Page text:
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What happens with unsecured debt in a Chapter 13 bankruptcy?

On Behalf of | Jan 29, 2021 | Chapter 13 Bankruptcy

In Indiana and across the United States, a worryingly high number of people are experiencing financial challenges due to the current health situation and the problems that have come about because of it. People are losing their jobs and have exorbitant medical expenses due to the pandemic. The hardship is palpable and people are fearful. Fortunately, there are alternatives to get into a stronger financial circumstance. For many, bankruptcy is a viable strategy. There may be confusion as to whether Chapter 7 or Chapter 13 are better options. Having legal guidance can assist with assessing the case.

Chapter 13 and unsecured debt

Chapter 7 – a liquidation – can clear all unsecured debt in exchange for the person’s property. That, however, is usually used by people who do not own a home or have items that are of substantial value. Homeowners should consider a Chapter 13 wage earner’s plan, but do so understanding how unsecured debt is handled. Medical expenses and credit card debt are generally unsecured and these are common sources of massive debt. The creditor does not have special rights to collect for unsecured debt under Chapter 13.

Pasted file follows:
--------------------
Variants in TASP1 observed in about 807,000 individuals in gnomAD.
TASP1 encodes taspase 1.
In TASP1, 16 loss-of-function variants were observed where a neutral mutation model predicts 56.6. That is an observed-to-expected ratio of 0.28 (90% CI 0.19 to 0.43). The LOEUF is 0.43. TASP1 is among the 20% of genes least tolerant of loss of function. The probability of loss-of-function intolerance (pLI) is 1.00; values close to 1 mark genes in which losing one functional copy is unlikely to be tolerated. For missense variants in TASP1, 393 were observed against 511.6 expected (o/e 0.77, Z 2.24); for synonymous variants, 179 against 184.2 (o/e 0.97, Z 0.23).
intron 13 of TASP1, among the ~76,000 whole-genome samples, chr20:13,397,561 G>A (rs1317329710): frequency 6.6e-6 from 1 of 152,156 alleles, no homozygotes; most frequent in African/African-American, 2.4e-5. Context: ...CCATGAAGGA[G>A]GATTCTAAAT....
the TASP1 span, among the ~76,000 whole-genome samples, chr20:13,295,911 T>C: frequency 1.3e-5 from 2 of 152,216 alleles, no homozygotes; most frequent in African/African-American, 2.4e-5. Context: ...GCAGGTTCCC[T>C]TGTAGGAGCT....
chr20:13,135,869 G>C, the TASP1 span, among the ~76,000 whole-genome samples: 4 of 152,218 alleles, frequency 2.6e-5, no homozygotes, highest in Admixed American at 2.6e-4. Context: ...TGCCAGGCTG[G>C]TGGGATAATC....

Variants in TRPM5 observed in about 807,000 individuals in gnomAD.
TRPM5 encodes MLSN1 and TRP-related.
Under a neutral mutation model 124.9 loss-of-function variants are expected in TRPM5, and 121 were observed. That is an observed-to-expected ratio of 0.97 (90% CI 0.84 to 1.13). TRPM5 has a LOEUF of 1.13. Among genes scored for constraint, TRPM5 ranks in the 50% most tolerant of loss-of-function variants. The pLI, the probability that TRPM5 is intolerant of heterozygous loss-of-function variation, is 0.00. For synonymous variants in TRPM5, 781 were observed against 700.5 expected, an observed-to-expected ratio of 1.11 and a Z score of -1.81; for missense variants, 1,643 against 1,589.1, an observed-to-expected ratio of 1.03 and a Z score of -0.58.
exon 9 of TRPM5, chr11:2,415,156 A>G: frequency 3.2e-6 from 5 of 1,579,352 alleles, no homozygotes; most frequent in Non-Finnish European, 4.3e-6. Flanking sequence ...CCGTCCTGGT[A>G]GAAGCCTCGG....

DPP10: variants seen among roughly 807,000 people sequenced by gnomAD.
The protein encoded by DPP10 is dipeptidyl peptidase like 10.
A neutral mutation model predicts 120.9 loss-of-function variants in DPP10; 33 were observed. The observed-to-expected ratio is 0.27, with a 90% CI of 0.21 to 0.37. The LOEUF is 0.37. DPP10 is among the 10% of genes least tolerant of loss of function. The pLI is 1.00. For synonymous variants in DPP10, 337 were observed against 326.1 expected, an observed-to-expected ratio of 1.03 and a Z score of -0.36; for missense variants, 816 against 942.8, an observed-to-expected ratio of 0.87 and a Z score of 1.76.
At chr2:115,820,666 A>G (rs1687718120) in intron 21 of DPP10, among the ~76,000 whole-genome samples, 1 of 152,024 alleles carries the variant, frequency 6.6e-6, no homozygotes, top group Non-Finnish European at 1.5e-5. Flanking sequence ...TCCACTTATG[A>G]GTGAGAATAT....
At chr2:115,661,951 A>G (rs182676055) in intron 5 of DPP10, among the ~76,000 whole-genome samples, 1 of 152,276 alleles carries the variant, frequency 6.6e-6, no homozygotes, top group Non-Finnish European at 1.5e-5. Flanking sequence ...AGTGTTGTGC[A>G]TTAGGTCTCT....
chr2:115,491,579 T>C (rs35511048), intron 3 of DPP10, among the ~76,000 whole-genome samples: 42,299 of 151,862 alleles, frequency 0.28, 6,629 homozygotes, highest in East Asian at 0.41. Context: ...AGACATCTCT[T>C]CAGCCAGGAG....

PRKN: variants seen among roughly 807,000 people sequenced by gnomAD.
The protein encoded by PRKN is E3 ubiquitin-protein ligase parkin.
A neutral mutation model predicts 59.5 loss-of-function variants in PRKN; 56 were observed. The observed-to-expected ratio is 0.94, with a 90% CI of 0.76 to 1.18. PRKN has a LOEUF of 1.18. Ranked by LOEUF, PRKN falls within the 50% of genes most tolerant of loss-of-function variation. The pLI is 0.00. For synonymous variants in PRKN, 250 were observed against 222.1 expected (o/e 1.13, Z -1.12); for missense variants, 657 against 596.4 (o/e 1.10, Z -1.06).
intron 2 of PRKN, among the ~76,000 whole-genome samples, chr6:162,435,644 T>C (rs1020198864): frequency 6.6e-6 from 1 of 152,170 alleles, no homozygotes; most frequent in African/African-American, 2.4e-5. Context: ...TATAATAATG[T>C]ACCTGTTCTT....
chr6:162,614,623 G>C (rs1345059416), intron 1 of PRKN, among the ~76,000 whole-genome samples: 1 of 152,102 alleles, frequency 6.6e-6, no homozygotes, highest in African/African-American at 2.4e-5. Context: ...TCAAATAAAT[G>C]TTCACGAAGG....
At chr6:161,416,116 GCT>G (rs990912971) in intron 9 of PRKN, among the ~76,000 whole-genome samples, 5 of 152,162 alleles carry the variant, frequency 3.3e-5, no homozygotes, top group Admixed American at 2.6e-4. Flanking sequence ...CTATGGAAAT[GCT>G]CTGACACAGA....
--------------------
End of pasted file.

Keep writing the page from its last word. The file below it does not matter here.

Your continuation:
Since Chapter 13 requires there be a payment plan based on the debtor’s disposable income, unsecured debt will not necessarily be paid in full. The payment plan lasts for three to five years and the payments are sent to a trustee who distributes them accordingly. Secured debtors such as a lender who gave the person a mortgage will get their payments first with any arrearages made up. The term “disposable income” is critical with unsecured debt because that will cover as much as possible under the plan, but it will not automatically pay the entire sum back, thereby saving money. The key is whether the creditor gets as much as it would under a Chapter 7 and in most cases, it does.

Retaining property and clearing debt can be accomplished under Chapter 13

There is understandable fear and trepidation with moving forward in a bankruptcy. People who are struggling because of the pandemic and its overall impact on the economy have been making ends meet in a variety of ways, so much so that bankruptcy filings reduced significantly in 2020. Still, that cannot last forever even with unemployment insurance, stimulus checks from the government and eviction moratoriums. People who are facing the prospect of major financial problems due to various debts, but own a home and want to retain it should understand how Chapter 13 can help. A firm with experience in all aspects of bankruptcy can provide guidance and representation.